Meet Kirsten (American Girl: Kirsten, 1854)

by Janet Shaw

Paperback, 1988




American Girl (1988), 80 pages


Nine-year-old Kirsten and her family experience many hardships as they travel from Sweden to the Minnesota frontier in 1854.

Similar in this library


½ (177 ratings; 3.9)

User reviews

LibraryThing member t1bclasslibrary
Kirsten has left Sweden on a boat for America, but after docking in New York City, her journey has only just begun! Kirsten has to deal with a new country, language, and culture. She also has to deal with her friend from the journey over dying on the journey to MN. When she gets to MN Kirsten
Show More
discovers that her two new cousins are ready to be friends.
Show Less
LibraryThing member the1butterfly
This is a double of a book in my classroom library. Kirsten has left Sweden on a boat for America, but after docking in New York City, her journey has only just begun! Kirsten has to deal with a new country, language, and culture. She also has to deal with her friend from the journey over dying on
Show More
the journey to MN. When she gets to MN Kirsten discovers that her two new cousins are ready to be friends.
Show Less
LibraryThing member munchkin49
Kirsten is a young girl from Sweden traveling to America with her family and other families from Sweden. They are going to live with her Uncle Olav on his farm in Minnesota. She travels to America on a small sailing ship and is one of many people crowded into it's tiny hole. Kirsten doesn't like
Show More
being in the hole because it is crowded, dark and smells bad. Her family is assigned to a bunk bed for the trip. It is a very rough trip due to the many storms they encounter. Her mother has been seasick the entire time they have been on the boat. Kirsten also has a friend on the ship with her. Her name is Marta. Kristen and Marta enjoy exploring the ship and finding places to hide and talk. But when a storm comes they must stay below in the hole because it would be dangerous on the deck. When they arrive in America they must find food and buy ticket for the train going to Chicago. Marta and Kirsten are seperated for a short while but meet up again in Chicago. Tragedy strikes when they board the steamer ship to Minnesota and Marta becomes sick with Cholera and dies. Kirsten misses her friend dearly but must continue on to Minnesota with her family. When the get to the river town they find out that they do not have enough money to hire a wagon so they must walk to Uncle Olav's farm, leaving all their possessions to be brought later. Kirsten then meets her new cousins and is welcomed by her aunt and uncle with love and hugs. Kirsten quickly settles into her new life on the farm in America.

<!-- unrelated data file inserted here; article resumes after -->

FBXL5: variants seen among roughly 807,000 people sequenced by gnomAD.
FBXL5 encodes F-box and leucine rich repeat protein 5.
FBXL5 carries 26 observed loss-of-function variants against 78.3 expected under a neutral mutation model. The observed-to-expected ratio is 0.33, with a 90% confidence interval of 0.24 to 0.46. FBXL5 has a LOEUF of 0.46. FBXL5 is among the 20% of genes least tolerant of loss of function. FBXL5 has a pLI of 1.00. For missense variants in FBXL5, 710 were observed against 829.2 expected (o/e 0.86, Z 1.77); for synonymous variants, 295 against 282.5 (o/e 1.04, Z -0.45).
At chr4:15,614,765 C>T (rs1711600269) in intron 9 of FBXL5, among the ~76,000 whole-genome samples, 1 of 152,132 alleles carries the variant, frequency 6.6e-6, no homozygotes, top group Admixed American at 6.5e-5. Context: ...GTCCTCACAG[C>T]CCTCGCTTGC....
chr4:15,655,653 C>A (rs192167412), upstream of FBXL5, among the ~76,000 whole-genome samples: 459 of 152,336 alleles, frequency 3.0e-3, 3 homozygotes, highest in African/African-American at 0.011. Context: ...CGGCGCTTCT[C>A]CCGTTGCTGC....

This is a good book that discribes what is was like as a child to come to America as an immigrant . The discriptions are wonderful when she tells about being on board the ship and how crowded it is and how bad it smell. In New York, Kirsten gets lost and had to think of some way to communicate with a friendly lady where she needs to go. I enjoy reading Kirsten's books because it gives a glimpse into what life was like back then.
One of the classroom extentions I got actually came from the back of the book. It ask would your possessions fit into a single trunk and if not what would you take and what would you leave behind. I think this would be a great exercise to do with the class. I would expand it somewhat for the older students and ask why and how would it help you survive.
The other extention could be to have the student pretend to be aboard a ship and reinact the some of the trip Kirsten talks about. Divide the room into sections, half of the room be the top side of the ship and the other be the hole of the ship, then section off the hole and have the students assigned an area they would have to stay in for the time of the trip. Allow them to have stale bread and water to see what it would have been like and how hard it was.
Show Less
LibraryThing member AnnaLovesBooks
ISBN 0590437879 – As a newly converted fan of the American Girls books, Meet Kirsten was a pleasant read for me. I do have some problems with it, but I’ll save those for last.

Kirsten and her family arrive in America from Sweden in 1854. On the ship, she’s made a great friend in fellow
Show More
traveler Marta, but they are separated in New York when Kirsten’s family goes on a day before Marta’s. New York is loud, dirty and crowded with people who speak languages Kirsten doesn’t recognize – a problem when she becomes separated from her father. Traveling by train, steamboat and even on foot, the family faces challenges all the way to Minnesota, where they join Uncle Olav and his family.